How to Write a Good Job Description

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By Amanda Belarmino

Remember when Rupert Holmes asked the famous musical question, “Do you like piña coladas, and getting caught in the rain?” The songwriter was trying to attract the right kind of person with the tone of their personal ad. The same idea holds true when you are writing a job description for your company. You want to attract the right kind of person to your company and give them a reasonable idea of what to expect from the job. With the high cost of attracting and retaining top talent, a good job description for managerial positions is not only the first step in the recruiting process, but an important tool in retaining the talent you have within your organization. A good management job description will give your team members goals to strive for and help them accept new managers.

What are the components of a good job description? First, the job title should be clear and consistent with industry standards. If you want an accounts receivables manager, then your job title should include that information. Second, the description should include a comprehensive description of the job duties. But what is the best way to understand the job duties? The best way is to look at the job from four points of view:

  • Guests and vendors
  • Hotel management
  • Direct reports (employees)
  • Coworkers

Include the expectations of these four groups in your job description. Too often, even in line-level jobs, we focus on only one aspect of a job. For example, all front desk agent job positions emphasize guest service; but, do they accurately describe the duties outlined on the front desk checklist? Your accounts receivables manager must have a knowledge of accounting, but does your current job description also describe their role in making collections calls, managing team members, or creating training material for the front desk about proper billing procedures for third-party reservations?

The third and fourth parts of the job description can be crucial in the acceptance of new managers within your organization and can help your current team members grow. The third element is the requirements for the job. While most candidates realize these are minimum requirements, make sure you are including your true minimum requirements and the desired qualifications. This becomes a tricky proposition when you are trying to prevent unintentional discrimination while making sure you are truly attracting top talent. Does this position require a CPA, or would it just be nice to have? How many years of experience do you expect the candidate to have, and what type of experience is acceptable? Remember, setting up the qualifications will help your internal candidates set goals for their performance and understand why an external candidate may have been selected.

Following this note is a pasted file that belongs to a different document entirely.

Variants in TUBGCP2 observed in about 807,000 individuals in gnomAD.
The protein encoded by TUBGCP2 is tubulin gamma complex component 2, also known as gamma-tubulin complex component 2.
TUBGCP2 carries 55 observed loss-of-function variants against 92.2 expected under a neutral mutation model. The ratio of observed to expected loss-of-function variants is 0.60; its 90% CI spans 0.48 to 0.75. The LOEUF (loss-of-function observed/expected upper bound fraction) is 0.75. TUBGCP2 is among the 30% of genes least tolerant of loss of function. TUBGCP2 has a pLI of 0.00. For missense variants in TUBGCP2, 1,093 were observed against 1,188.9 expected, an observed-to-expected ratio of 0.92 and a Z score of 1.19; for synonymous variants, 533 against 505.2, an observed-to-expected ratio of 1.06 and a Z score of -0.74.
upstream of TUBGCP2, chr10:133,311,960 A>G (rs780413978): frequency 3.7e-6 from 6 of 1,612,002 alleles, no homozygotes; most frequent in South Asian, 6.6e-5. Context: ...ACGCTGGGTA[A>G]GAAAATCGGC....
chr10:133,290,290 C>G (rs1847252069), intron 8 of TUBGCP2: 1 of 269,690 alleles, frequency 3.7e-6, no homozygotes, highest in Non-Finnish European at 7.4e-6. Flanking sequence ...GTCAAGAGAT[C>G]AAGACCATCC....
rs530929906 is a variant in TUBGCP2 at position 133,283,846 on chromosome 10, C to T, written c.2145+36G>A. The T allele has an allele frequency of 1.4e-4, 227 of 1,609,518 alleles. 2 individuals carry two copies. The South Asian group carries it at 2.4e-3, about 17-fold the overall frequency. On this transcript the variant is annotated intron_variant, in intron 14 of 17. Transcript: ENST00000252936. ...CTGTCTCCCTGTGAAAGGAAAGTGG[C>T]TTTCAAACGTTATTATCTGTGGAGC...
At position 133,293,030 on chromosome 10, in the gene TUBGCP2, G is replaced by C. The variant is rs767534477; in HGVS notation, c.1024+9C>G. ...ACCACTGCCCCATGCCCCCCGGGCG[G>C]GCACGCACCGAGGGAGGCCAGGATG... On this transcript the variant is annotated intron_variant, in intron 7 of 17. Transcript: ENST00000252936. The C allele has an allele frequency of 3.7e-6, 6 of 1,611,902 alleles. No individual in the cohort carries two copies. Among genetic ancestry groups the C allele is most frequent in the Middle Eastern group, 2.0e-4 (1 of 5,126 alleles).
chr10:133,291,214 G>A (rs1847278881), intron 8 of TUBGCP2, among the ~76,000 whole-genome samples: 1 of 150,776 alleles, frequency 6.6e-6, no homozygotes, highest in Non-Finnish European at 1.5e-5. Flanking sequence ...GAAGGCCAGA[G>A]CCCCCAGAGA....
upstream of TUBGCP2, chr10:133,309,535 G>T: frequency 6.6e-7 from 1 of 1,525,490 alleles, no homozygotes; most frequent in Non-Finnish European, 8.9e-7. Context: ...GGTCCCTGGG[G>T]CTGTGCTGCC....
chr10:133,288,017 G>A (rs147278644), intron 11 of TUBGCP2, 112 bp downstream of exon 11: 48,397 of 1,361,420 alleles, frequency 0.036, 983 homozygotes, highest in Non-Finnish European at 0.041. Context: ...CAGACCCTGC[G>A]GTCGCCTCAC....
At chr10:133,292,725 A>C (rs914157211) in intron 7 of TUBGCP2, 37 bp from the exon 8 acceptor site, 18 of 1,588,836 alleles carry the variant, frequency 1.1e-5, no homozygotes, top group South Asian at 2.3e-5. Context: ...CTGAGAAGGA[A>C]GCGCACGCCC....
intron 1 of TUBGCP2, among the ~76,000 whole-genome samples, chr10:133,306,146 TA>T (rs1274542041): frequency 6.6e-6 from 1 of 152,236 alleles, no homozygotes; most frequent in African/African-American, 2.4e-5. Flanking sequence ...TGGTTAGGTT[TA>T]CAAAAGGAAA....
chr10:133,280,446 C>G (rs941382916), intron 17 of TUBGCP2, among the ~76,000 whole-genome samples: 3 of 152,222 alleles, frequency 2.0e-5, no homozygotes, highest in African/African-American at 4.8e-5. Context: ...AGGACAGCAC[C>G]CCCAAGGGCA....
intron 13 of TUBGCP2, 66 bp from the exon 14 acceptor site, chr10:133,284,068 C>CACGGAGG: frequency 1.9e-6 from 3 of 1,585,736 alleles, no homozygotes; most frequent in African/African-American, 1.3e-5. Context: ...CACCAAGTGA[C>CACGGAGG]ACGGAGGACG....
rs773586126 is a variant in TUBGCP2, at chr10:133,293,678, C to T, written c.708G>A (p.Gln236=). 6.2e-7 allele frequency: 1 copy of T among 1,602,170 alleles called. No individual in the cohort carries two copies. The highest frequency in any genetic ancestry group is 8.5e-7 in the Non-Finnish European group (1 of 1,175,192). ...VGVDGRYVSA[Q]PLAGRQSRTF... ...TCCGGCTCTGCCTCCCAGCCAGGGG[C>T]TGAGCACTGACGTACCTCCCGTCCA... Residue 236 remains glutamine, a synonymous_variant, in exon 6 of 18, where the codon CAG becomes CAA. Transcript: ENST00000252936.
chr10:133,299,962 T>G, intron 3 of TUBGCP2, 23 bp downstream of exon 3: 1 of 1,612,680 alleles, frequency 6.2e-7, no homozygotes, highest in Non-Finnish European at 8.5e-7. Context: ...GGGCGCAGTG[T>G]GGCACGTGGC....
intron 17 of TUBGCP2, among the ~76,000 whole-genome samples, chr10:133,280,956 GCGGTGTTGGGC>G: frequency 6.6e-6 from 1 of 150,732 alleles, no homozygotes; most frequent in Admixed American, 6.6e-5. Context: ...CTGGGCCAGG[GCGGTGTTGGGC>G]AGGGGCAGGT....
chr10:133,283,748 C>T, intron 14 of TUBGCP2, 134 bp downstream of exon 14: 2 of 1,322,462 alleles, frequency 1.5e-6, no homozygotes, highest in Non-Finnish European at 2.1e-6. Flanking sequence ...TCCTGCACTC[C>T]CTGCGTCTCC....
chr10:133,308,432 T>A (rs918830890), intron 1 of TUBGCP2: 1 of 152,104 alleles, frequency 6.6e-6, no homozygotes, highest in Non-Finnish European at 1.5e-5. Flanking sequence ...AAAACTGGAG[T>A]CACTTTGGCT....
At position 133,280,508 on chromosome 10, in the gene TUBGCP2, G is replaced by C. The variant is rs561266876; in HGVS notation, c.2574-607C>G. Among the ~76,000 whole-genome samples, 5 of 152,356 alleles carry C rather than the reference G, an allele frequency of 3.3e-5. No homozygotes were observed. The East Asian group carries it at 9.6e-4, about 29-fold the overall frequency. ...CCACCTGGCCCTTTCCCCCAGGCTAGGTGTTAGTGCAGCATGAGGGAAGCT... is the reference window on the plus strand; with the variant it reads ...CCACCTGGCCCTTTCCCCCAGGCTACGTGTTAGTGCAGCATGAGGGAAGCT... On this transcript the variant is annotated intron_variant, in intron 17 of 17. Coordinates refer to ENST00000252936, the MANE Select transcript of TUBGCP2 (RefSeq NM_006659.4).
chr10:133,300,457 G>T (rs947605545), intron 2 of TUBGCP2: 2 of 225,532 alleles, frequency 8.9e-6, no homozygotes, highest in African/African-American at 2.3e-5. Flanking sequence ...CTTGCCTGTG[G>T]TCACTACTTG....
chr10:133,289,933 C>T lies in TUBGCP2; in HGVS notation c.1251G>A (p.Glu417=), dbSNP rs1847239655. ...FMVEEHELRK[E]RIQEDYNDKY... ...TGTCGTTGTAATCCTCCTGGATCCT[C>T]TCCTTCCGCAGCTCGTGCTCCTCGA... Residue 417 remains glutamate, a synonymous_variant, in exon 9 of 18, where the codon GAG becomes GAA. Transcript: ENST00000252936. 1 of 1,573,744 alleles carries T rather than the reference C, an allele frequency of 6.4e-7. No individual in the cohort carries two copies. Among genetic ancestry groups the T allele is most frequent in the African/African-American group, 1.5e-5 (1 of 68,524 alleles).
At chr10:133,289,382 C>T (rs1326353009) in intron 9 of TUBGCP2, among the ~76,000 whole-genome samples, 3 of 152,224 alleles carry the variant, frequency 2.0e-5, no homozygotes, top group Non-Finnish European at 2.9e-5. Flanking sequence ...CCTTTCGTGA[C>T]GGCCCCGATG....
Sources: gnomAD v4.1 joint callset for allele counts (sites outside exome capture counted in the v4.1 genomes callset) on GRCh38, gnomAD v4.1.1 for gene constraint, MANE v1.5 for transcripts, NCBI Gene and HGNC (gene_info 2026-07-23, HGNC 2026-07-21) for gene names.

The fourth requirement is a description of your company, your mission statement, and your goals. While it is easy to view this as a way of marketing to external candidates (because it is), it is also a great way to help your internal candidates look at the big picture. They may have become so accustomed to their day-to-day duties that the goals of the organization are no longer in the forefront of their minds. Just as the narrator in the “piña colada” song ended up finding that his own lady was the person he was looking for, a well-written job description may lead you to find out that one of your own team members is the candidate you are seeking.

Our best advice is to write the job description as a team. If you are an HR professional, make sure you get the expertise of individuals in the department as well as management. If you are a department head, consult your HR department for their expertise. Finally, consult people outside your property to review your description, such as colleagues at your sister properties or academic professionals. Another point of view can find things you may have overlooked!

Looking for a sample job description? Check out these Accounting Club Job Descriptions, compiled by the HFTP Americas Research Center and reviewed by the HFTP Club Advisory Council.

HFTP is currently collecting example job descriptions for technology professionals for all verticals of the hospitality industry: clubs, hotels, resorts, spas, etc.  If you have examples to share, please send them to Tanya Venegas at the HFTP Americas Research Center by emailing them to tanya.venegas@hftp.org.

Amanda Mapel Belarmino is a Ph.D. candidate at the Conrad N. Hilton College of Hotel and Restaurant Management at the University of Houston. Her research areas include revenue management and peer-to-peer accommodations, and she had published peer reviews articles in Current Issues in Tourism and The International Journal of Contemporary Hospitality Management. Her undergraduate degree is in hotel administration from Cornell University, and her Masters of Science is in hospitality management from the University of Houston. She has 20 years of management experience is casinos, hotels and restaurants, including positions with the Arizona Biltmore, Caesar’s Entertainment, Hyatt Hotels and McAlister’s Deli.

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